• 6. Software Process Improvement with Agile Methods and Maturity Models 6 Capítulo 2 What follows is the six tasks of ‘Diagnosing’. The gap between actual and required process performance is assessed. A key observation here is that those performing the gap analysis should not focus on the processes as described, but the processes as executed. Since the exit criteria of the Initiating Phase does not imply the entry criteria of this phase it makes it difficult to make the connection clear. The collective exit criteria of all Initiating tasks do imply the Entry Criteria for Diagnosing, so the omission is procedural and not a core bungle. Exit criteria for this phase are that a Baseline Findings and Recommendation Report has been delivered to the Management Steering Group funding the effort, and accepted. Also, that a draft of the SPI strategic action plan is initiated. IDEAL’s third Phase is called ‘Establishing’, which some readers that never went past the graphic version of IDEAL assign to the processes, but the intention is to establish the plan. It has been suggested that other names that better describe the phase, such as Planning or Tasking, were rejected because they did not fit into a nice acronym. This is the phase where priorities are set or reviewed, and where the teams that will take the definition and diffusion of changes and improvements are conformed. It is to be noted that the method recommends that the planning be done by the Management Steering Group, and not by the Process Improvement Group 4 . From the point of view of Organizational Development no recommendation can be better than this one: The decision is where the locus of power lies. Even then, the implementation is rarely done this way: the process group presents a plan that is either approved, reviewed or ignored by the organization. Exit criteria for the phase is that: the rollout strategy and plan is fully executed, or being executed; the proposed solution is packaged properly and turned over to the SEPG; that long term support has been arranged for; and that the process improvement has begun to be institutionalized in the line organization. After Establishing comes ‘Acting,’ This is to us the most interesting phase of the five. Even granting the method has many useful components, this one sticks out because the link to business is strongly underscored in this phase. Improvements are identified, developed, rolled through the organization, and practiced. It is defined in ten tasks, of which we will underscore a subtask of step 2, Develop Solutions: Analyze and Fix the Problem. We do this because in many ways it resembles what we will explain as Lean later in this chapter. The resemblance comes from focus on the pain and not on process per se. Processes are changed because the processes, as defined and used, are too lax and hence defects are possible and go undetected. The process is mute on defects and delays that should not be tolerated. Processes are changed to attack the root causes, even if it is the symptoms that we feel. When the problem is solved it is because we found the root cause and built processes that preclude it from happening and detect it early when it does. This phase’s exit criteria is that the deployment strategy and the plan have been executed thoroughly, or are well into completion. It is expected that solutions that have been adopted (or even just piloted) are well documented and are under the control of the process group. It is also clear how to judge their performance and how to maintain them. Process improvement is at the very least beginning to be institutionalized in the organization 5 . This phase addresses many small improvements run in parallel, under a single strategic plan and multiple tactical plans 6 . In spite of this wise advise, most implementations of IDEAL run into the same problem: the BPFC, or Big Plan For Change, that never concludes and is resisted by most. It reminds us of the famous Seinfeld sketch where Newman phases out explaining how the letters keep coming, and coming, and coming. In the world of IDEAL, request for changes are the letters. Some organizations never leave the planning phase. The final phase, which is also the one that kicks off a new iteration through the IDEAL loop, is called ‘Leveraging’. This invokes taking advantage of progress made to establish the playing field for the next round of changes and improvements. If the IDEAL method falls into the deviations aforementioned, there is little to show and the process improvement effort usually dies. Frequently solutions are chosen and defined but not implemented, not even piloted: every project is too busy ‘doing real work’, or the process group is happily taking in new requests without closing on the previous batch, until the implementation is a problem larger, in itself, than the one it is trying to solve. 4 Your names could vary. For example, the Management Steering Group is often called Process Improvement Steering Committee, while the Software Process Improvement Group is often called the Software Engineering Process Group. Some people prefer software PIGs to software PEGs. 5 When we deal with the CMMI we will have a definition of institutionalization that does not always match what is intended by the authors of IDEAL. 6 Strategically the roadmap deals with the sequence of improvements, tactically with the order of deployment of single changes and the projects that they affect.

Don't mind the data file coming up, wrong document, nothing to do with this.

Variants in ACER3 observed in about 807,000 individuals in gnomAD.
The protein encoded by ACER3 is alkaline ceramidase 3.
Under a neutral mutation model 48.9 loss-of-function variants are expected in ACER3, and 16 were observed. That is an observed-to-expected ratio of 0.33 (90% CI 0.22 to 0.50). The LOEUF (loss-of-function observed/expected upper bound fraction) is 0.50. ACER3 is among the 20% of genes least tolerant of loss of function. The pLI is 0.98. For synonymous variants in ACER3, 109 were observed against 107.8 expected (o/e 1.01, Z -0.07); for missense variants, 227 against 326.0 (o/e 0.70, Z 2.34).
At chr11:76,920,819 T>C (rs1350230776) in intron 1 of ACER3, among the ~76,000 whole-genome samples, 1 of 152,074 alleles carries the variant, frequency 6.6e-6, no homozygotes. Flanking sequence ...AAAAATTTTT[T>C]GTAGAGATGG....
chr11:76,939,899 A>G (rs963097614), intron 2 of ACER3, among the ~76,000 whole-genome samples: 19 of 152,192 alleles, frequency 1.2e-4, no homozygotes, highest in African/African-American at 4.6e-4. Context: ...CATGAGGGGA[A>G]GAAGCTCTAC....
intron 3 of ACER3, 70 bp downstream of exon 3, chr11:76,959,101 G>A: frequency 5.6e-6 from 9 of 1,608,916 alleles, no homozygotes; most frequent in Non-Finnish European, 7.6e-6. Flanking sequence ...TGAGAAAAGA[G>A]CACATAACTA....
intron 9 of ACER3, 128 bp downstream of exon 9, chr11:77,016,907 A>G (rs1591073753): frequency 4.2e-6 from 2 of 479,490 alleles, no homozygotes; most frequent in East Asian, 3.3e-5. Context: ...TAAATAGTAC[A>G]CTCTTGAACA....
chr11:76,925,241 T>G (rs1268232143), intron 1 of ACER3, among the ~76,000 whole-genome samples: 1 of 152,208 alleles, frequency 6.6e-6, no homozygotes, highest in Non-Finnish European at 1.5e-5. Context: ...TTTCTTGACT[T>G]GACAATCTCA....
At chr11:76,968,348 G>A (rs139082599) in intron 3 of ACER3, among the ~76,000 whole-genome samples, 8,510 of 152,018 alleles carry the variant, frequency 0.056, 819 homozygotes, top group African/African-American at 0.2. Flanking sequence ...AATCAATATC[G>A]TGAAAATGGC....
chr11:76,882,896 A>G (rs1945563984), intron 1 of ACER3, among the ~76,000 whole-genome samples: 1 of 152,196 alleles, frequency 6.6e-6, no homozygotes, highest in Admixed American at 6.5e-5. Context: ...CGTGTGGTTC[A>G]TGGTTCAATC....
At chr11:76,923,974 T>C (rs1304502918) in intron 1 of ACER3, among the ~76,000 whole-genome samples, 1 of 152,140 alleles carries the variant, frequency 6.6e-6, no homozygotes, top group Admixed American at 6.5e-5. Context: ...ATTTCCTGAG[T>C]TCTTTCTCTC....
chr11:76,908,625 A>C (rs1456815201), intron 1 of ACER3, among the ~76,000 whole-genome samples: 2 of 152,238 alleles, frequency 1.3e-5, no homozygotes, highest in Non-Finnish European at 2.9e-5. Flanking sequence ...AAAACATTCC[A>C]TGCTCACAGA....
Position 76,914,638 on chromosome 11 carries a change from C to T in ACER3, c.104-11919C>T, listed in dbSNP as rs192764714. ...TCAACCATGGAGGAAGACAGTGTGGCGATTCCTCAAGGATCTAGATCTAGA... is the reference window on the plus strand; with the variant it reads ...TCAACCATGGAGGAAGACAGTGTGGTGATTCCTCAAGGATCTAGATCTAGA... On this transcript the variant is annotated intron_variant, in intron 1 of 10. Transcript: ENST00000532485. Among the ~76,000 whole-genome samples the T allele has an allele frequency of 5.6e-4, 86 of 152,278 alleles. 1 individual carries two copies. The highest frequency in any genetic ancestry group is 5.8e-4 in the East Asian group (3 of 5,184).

• 7. Boria et al. Chapter 2 7 IDEAL is not a bad method, but it is so detailed that a thorough reading is only for the process improvement inclined, and then not for all of us. It is embodied in 236 pages. Many people have attempted to implement IDEAL without reading the small letter, with dire consequences 7 . Some of the most fundamental elements are lost when a perusal is conducted as the only training to implement it 8 . We can enumerate the following: a strong link to the business objectives, parallel implementation of improvements, and a systemic (multicausality, feedback loops and delays included) view; all vital to establish a successful continuous improvement program. IDEAL’s best contribution is shown in Figure 2.2. It is its vision on how to create and sustain a successful software process improvement program. All is based in the business goals, without attention to them the program will be a fiasco. There are four pillars too: Program Visibility, or else it will go away as expense; horizontal and vertical information sharing; creating a knowledge repository, and maintaining a support network for all adopters. Only with all four can the process improvement program tactical and strategic plan be successful. Figure 2.2: IDEAL’s Vision on Process Improvement [McFEELEY, 1996] 2.4 Focus-Improve-Sustain-Honor Focus-Improve-Sustain-Honor (FISH) [ARTHUR, 2004] is one of the many contributions made by this author to process improvement. It is yet another variant of PDCA, this one emphasizing Six-Sigma 9 tools. Arthur’s FISH main difference is that it is based upon data. Using existent data and a search similar to those proposed by the business intelligence community is the basis of this method, instead of repeated defects or the gap from some paradigmatic behavior. This, of course, does not run contrary to the principles in PDCA, but it does make a difference in effectiveness and applicability, because in FISH it is imperative to start from data analysis. FISH begins with Focus, based on the statistically proven fact that it is a few processes that are responsible for the larger number of defects. Finding ‘The Defect Factory’ makes one focus on the processes where a change can have the largest impact. Arthur quotes Pareto’s Law. He reasons that if 80% of defects are produced by 20% of the 7 If you are not comfortable with the statement that many people do not read the details before attempting an implementation, we would like you to read the seminal paper by Dr. Royce, Managing the Development of Large Software Systems [ROYCE, W., 1970]. It is after this paper that people accuse him (falsely) of backing the waterfall life cycle. In this paper Dr. Royce points to the waterfall as a childish vision of development that is plagued with problems. So much for fame. 8 Naïve IDEAL implementations have a tendency to be run through a sequential plan that creates the perfect process from head to toe before attempting any implementation, a sure way to create resistance and delay application. 9 Six Sigma is the name given to a management strategy originated in Motorola in 1986. It is documented in SPC and TQM in Manufacturing and Services [TENNANT, G., 2001] and widely used worldwide. It attempts to improve a company’s results by identifying and eliminating the cause of defects. It uses a variety of techniques, mostly statistical. The term was born from statistical analysis of the frequency of defects in manufacturing. Maturity of a manufacturing process is measured in parts without defect over the total number of parts manufactured. A Standard deviation  measures the variation away from the mean value. A six sigma process produces 99.99966% of defect free parts. This was Motorola’s goal and hence it gave its name to the tools applied in its pursue.